The first global Diversity Talks took place at the Experience Centre at the Wärtsilä Helsinki Campus as well as virtually online on 3rd March 2020 with close to 250 participants, both internal and external.
The event threw up some interesting insights with guest speaker Anna Granskog, a partner at McKinsey and Company comparing the performance of teams made up of only men or women, gender-diverse teams, and gender-age and geographically diverse teams. The data showed that teams that follow an inclusive process make decisions two times faster in at least half of their meetings, with the decisions delivering 60% better results.
The numbers are impressive, and it seems to be a no-brainer to form diverse teams. Why is this not happening faster then? According to Granskog, progress has been slow. She estimates it will take more than 20 years at the current pace to reach gender equality in in executive teams in many industries. Female representation in executive teams in Heavy Industry and Technology & Media – two sectors that are the most similar to Wärtsilä – are at 20% and 23 % respectively.
Granskog suggests various remedies including setting goals for women’s representation, actively seeking candidates from diverse campaigns for roles, providing unconscious bias training, establishing bias criteria and encouraging more women to step up and aim to get into managerial positions.
Inclusion is very close to diversity. Employees who believe that they have equal opportunities and resources, respect and fairness at their workplace are three times more likely to say they are happy with their career, to plan to stay at their company longer and to recommend their company. There is a lot we can learn from companies that link their diversity and inclusion efforts to their business growth strategies.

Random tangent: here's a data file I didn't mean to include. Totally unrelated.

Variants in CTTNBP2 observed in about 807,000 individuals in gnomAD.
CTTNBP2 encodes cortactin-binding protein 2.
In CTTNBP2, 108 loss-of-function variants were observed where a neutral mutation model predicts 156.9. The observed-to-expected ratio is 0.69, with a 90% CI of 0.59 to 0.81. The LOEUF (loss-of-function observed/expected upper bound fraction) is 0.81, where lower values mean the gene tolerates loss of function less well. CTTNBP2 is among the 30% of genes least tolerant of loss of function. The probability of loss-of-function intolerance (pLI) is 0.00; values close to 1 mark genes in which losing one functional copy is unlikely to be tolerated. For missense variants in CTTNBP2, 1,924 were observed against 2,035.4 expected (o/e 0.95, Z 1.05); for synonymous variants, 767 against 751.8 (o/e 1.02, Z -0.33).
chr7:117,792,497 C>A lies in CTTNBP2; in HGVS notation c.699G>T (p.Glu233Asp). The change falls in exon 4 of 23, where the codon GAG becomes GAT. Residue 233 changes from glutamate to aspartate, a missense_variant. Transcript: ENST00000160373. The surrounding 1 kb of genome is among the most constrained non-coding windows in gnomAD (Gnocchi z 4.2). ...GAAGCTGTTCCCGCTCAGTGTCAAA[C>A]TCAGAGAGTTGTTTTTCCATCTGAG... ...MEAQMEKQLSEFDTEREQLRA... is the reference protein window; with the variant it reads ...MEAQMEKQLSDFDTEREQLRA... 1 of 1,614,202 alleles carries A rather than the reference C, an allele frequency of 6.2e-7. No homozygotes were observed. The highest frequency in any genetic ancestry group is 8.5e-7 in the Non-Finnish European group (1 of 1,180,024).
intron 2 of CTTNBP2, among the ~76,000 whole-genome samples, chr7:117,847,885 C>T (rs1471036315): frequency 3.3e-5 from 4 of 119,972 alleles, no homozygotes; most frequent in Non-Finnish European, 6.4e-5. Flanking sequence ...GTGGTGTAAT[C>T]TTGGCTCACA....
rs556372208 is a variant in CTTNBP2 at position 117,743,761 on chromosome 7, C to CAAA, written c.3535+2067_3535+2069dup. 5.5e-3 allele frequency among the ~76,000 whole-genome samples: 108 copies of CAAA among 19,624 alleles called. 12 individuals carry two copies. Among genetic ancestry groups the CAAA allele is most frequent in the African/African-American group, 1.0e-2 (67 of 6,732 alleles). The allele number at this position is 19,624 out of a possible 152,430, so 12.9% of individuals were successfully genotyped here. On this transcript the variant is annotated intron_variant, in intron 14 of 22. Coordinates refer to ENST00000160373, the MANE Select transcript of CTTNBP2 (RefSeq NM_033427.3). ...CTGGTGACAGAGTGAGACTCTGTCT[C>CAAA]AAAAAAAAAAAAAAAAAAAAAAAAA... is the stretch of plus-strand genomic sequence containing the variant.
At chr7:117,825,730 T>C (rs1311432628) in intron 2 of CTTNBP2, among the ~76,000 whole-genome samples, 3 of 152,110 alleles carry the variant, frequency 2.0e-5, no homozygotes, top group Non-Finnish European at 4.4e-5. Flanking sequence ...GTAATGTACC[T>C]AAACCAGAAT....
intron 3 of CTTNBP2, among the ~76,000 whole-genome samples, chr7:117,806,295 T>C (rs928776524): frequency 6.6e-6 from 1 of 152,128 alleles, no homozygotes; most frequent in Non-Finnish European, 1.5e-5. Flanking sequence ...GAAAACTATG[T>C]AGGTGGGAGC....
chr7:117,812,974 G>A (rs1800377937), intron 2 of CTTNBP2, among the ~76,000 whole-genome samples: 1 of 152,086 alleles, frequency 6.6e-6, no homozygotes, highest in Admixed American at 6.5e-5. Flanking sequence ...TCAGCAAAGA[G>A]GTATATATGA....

Tamara de Gruyter, President of Marine Systems & Executive Vice President at Wärtsilä spoke about her experience rising through the ranks in the company. She encourages women to have the confidence to apply for more demanding roles without worrying about having to master everything in one go. Learning on the job, she says, is a valuable way to grow and stresses the need for women to stand their ground.
“If you do not like the way you are treated, you must speak up. Let the person know that they did not make you feel like part of the team. It might be that the person did not realise that they were making you feel neglected,” explains de Gruyter.
Insightful talks like these coupled with an amazing line-up of speakers set the tone of the first Diversity Talks event, with the feedback from participants being very positive and supportive. This in turn has inspired the company to look at holding more such events, while take concrete steps to re-emphasise just how seriously Wärtsilä considers diversity to be.
“We have a long road ahead of us, but we are on it together. Diversity for us at Wärtsilä is much more than gender balance: it's people with different educational and professional backgrounds, different kinds of personalities, ages, genders and minorities. It can be our greatest asset that makes us stronger together as individuals,” concludes Dettke.